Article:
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Putin’s Party Loses Majority, Despite Fraud

From his concerned admirers at the Associated Press:

Putin’s party barely hangs onto its majority

December 5, 2011

MOSCOW – Prime Minister Vladimir Putin’s party saw its majority in Russia’s parliament weaken sharply, according to preliminary election results released Monday, a humiliating setback for the man who has steadily tightened his grip on the nation for nearly 12 years.

Some opposition politicians and election monitors said even a result of around 50 percent for Putin’s United Russia party was inflated because of vote fraud. Their claims were backed by international observers, who pointed to procedural violations and serious indications of ballot stuffing after a campaign slanted in favor of United Russia

What is the Russian word for ACORN?

United Russia is still expected to retain its majority in the lower house and Putin is all but certain to win next March’s presidential election, but Sunday’s vote badly dented his carefully groomed image. It reflected a strong public frustration with the lack of political competition, ubiquitous official corruption and the gap between rich and poor.

Thankfully, we would never have such problems here.

With about 96 percent of precincts counted, United Russia was leading with 49.5 percent of the vote, Central Election Commission chief Vladimir Churov said. He predicted that it will get 238 of the Duma’s 450 seats, a sharp drop compared to the previous vote that landed the party a two-thirds majority in the State Duma, allowing it to change the constitution.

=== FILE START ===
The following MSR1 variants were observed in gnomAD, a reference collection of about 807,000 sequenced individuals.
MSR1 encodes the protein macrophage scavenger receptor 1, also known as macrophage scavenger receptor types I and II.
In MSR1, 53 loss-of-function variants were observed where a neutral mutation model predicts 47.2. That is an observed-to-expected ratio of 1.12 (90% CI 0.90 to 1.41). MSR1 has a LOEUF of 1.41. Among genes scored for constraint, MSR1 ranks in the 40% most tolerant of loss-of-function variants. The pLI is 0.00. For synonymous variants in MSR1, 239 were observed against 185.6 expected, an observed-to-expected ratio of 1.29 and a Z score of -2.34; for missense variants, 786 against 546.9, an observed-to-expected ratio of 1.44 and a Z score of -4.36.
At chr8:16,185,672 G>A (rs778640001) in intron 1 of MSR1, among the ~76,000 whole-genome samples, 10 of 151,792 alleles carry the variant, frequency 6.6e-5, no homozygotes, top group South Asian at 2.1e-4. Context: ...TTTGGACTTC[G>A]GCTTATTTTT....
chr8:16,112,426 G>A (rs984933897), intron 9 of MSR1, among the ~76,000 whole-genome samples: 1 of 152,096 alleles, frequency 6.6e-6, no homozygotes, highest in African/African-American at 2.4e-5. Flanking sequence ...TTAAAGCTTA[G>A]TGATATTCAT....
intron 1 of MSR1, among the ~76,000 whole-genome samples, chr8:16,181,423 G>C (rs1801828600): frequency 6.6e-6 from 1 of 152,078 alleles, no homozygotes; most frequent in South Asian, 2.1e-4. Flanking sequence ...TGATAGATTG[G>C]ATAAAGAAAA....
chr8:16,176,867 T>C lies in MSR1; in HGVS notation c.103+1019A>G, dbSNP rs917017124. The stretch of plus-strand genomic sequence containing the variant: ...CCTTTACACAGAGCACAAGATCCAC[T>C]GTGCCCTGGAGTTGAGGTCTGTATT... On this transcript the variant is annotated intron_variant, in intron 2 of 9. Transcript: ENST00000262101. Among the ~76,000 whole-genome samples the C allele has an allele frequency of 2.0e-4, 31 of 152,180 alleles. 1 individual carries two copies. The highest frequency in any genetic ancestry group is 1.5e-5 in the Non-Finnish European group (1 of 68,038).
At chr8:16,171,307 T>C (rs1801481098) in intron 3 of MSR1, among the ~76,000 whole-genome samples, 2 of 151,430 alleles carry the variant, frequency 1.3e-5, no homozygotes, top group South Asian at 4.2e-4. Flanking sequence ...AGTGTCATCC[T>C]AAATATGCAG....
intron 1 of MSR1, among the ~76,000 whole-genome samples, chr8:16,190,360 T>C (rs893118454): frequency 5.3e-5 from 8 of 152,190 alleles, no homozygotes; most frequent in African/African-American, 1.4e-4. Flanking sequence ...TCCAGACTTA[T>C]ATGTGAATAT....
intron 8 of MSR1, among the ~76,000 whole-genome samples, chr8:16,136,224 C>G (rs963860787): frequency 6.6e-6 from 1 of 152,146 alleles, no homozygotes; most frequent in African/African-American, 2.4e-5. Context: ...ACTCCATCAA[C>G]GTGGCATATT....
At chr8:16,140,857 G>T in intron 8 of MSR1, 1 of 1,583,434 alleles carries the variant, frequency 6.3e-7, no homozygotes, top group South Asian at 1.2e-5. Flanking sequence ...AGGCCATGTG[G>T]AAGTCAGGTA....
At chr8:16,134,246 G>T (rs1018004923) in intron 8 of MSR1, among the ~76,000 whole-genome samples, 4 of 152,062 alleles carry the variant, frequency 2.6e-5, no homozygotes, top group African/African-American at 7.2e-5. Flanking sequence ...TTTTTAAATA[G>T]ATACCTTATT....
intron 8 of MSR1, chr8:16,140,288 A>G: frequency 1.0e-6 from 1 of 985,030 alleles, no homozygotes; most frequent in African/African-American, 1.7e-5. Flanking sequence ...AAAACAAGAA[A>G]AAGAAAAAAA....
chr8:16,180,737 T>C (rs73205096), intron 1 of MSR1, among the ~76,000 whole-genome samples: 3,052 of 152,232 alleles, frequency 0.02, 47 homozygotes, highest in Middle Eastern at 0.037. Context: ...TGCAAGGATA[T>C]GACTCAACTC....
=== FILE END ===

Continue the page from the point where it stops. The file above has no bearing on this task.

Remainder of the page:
Final preliminary results were to be announced on Monday morning, but the count dragged on for longer than expected. Some opposition politicians alleged that election officials may manipulate the vote count to make sure that United Russia gets over 50 percent mark. Mikhail Kasyanov, a former prime minister who is now in opposition, said that Putin badly needs the figure to avoid looking weak.

The monitors from the Organization for Security and Cooperation in Europe and the Council of Europe’s Parliamentary Assembly wouldn’t say if the irregularities could be at the scale to question if United Russia has an unearned majority. But [one of the monitors] said that of the 150 polling stations where the counting was observed, "34 were assessed to be very bad."

United Russia has been seen increasingly as the party of corrupt officials, and its description as a "party of crooks and thieves" has stuck, flashing up as the first suggestion on Russia’s top web search engine.

And they control the Russian media almost as thoroughly as the Democrat Party controls ours. So maybe there is hope for us, too.

But just try to imagine what the election results would be across our own country if they were all honest and open.

This article was posted by Steve on Monday, December 5th, 2011. Comments are currently closed.

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